Results for 'Higher-Order Theories of Consciousness'

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  1. On Ambitious Higher-Order Theories of Consciousness.Joseph Gottlieb - forthcoming - Philosophical Psychology.
    Ambitious Higher-Order theories of consciousnessHigher-Order theories that purport to give an account of phenomenal consciousness—face a well-known objection from the possibility of radical misrepresentation. Jonathan Farrell (2017) has recently added a new twist to an old worry: while Higher-Order theorists have the resources to respond to the misrepresentation objection, they do so at the expense of their ambitions. At best, they only account for phenomenal consciousness in the technical Higher-Order sense, not (...)
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  2. Higher-Order Theories of Consciousness and What-It-is-Like-Ness.Jonathan Farrell - 2018 - Philosophical Studies 175 (11):2743-2761.
    Ambitious higher-order theories of consciousness aim to account for conscious states when these are understood in terms of what-it-is-like-ness. This paper considers two arguments concerning this aim, and concludes that ambitious theories fail. The misrepresentation argument against HO theories aims to show that the possibility of radical misrepresentation—there being a HO state about a state the subject is not in—leads to a contradiction. In contrast, the awareness argument aims to bolster HO theories by showing (...)
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  3. Prefrontal Lesion Evidence Against Higher-Order Theories of Consciousness.Benjamin Kozuch - 2014 - Philosophical Studies 167 (3):721-746.
    According to higher-order theories of consciousness, a mental state is conscious only when represented by another mental state. Higher-order theories must predict there to be some brain areas (or networks of areas) such that, because they produce (the right kind of) higher-order states, the disabling of them brings about deficits in consciousness. It is commonly thought that the prefrontal cortex produces these kinds of higher-order states. In this paper, I first argue that (...)
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  4. What Can Synesthesia Teach Us About Higher Order Theories of Consciousness?Fred Adams & Charlotte Shreve - 2016 - Symposion: Theoretical and Applied Inquiries in Philosophy and Social Sciences 3 (3):251-257.
    In this article, we will describe higher order thought theories of consciousness. Then we will describe some examples from synesthesia. Finally, we will explain why the latter may be relevant to the former.
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  5. A Higher-Order Theory of Emotional Consciousness.Richard Brown & Joseph LeDoux - 2017 - Proceedings of the National Academy of Sciences of the United States of America.
    Emotional states of consciousness, or what are typically called emotional feelings, are traditionally viewed as being innately programed in subcortical areas of the brain, and are often treated as different from cognitive states of consciousness, such as those related to the perception of external stimuli. We argue that conscious experiences, regardless of their content, arise from one system in the brain. On this view, what differs in emotional and non-emotional states is the kind of inputs that are processed (...)
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  6.  59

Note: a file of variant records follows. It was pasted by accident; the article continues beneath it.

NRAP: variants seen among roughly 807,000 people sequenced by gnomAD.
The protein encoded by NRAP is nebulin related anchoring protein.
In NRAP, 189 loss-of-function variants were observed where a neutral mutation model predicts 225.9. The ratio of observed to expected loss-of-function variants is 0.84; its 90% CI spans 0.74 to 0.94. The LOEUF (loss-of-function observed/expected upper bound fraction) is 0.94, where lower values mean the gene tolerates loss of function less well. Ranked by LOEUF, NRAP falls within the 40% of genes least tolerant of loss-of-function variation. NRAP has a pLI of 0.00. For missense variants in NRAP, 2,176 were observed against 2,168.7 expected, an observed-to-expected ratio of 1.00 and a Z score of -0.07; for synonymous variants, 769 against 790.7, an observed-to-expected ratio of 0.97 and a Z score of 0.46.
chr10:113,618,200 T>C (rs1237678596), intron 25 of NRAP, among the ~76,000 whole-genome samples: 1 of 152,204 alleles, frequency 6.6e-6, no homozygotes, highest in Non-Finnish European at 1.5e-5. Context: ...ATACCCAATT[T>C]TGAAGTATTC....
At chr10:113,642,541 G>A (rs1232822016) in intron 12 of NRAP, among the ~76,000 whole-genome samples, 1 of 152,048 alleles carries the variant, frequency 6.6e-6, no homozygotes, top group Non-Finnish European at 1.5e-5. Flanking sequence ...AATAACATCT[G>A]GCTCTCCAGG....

Franz Brentano and Higher-Order Theories of Consciousness.Denis Fisette - 2015 - Argumentos 7 (3):9-39.
    This article addresses the recent reception of Franz Brentano's writings on consciousness. I am particularly interested in the connection established between Brentano's theory of consciousness and higher-order theories of consciousness and, more specifically, the theory proposed by David Rosenthal. My working hypothesis is that despite the many similarities that can be established with Rosenthal's philosophy of mind, Brentano's theory of consciousness differs in many respects from higher-order theories of consciousness and avoids (...)
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  7. Self, Belonging, and Conscious Experience: A Critique of Subjectivity Theories of Consciousness.Timothy Lane - 2015 - In Rocco Gennaro (ed.), Disturbed consciousness: New essays on psychopathology and theories of consciousness. MIT Press. pp. 103-140.
    Subjectivity theories of consciousness take self-reference, somehow construed, as essential to having conscious experience. These theories differ with respect to how many levels they posit and to whether self-reference is conscious or not. But all treat self-referencing as a process that transpires at the personal level, rather than at the subpersonal level, the level of mechanism. -/- Working with conceptual resources afforded by pre-existing theories of consciousness that take self-reference to be essential, several attempts have (...)
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  8. Understanding the Higher-Order Approach to Consciousness.Richard Brown, Hakwan Lau & Joseph E. LeDoux - 2019 - Trends in Cognitive Sciences 23 (9):754-768.
    Critics have often misunderstood the higher-order theory (HOT) of consciousness. Here we clarify its position on several issues, and distinguish it from other views such as the global The higher-order theory (HOT) of consciousness has often been misunderstood by critics. Here we clarify its position on several issues, and distinguish it from other views such as the global workspace theory (GWT) and early sensory models (e.g. first-order local recurrency theories). For example, HOT has been criticized (...)
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  9.  99
    The Problem of the Rock and the Grammar of Consciousness.Lajos Brons - 2017 - Disputatio 9 (44):5-12.